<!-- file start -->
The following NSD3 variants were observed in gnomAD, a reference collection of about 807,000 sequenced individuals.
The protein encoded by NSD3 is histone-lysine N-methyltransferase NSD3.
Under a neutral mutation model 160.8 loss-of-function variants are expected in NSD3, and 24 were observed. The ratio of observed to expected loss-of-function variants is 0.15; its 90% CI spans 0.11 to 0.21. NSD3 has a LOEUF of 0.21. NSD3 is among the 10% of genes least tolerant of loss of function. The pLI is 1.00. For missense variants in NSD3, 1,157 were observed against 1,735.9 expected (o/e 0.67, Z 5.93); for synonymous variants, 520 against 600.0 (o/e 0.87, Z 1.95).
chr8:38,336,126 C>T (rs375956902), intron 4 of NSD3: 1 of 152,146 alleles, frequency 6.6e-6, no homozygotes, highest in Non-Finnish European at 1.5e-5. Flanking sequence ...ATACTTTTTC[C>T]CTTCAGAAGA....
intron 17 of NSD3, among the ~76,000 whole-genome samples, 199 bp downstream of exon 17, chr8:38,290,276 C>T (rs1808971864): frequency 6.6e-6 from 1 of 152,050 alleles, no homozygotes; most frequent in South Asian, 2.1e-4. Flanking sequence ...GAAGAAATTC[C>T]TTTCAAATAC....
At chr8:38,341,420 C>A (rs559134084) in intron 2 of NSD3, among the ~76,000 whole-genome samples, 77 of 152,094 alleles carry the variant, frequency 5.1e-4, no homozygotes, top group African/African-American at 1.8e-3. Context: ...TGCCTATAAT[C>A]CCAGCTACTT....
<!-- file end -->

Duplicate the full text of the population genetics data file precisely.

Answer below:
The following NSD3 variants were observed in gnomAD, a reference collection of about 807,000 sequenced individuals.
The protein encoded by NSD3 is histone-lysine N-methyltransferase NSD3.
Under a neutral mutation model 160.8 loss-of-function variants are expected in NSD3, and 24 were observed. The ratio of observed to expected loss-of-function variants is 0.15; its 90% CI spans 0.11 to 0.21. NSD3 has a LOEUF of 0.21. NSD3 is among the 10% of genes least tolerant of loss of function. The pLI is 1.00. For missense variants in NSD3, 1,157 were observed against 1,735.9 expected (o/e 0.67, Z 5.93); for synonymous variants, 520 against 600.0 (o/e 0.87, Z 1.95).
chr8:38,336,126 C>T (rs375956902), intron 4 of NSD3: 1 of 152,146 alleles, frequency 6.6e-6, no homozygotes, highest in Non-Finnish European at 1.5e-5. Flanking sequence ...ATACTTTTTC[C>T]CTTCAGAAGA....
intron 17 of NSD3, among the ~76,000 whole-genome samples, 199 bp downstream of exon 17, chr8:38,290,276 C>T (rs1808971864): frequency 6.6e-6 from 1 of 152,050 alleles, no homozygotes; most frequent in South Asian, 2.1e-4. Flanking sequence ...GAAGAAATTC[C>T]TTTCAAATAC....
At chr8:38,341,420 C>A (rs559134084) in intron 2 of NSD3, among the ~76,000 whole-genome samples, 77 of 152,094 alleles carry the variant, frequency 5.1e-4, no homozygotes, top group African/African-American at 1.8e-3. Context: ...TGCCTATAAT[C>A]CCAGCTACTT....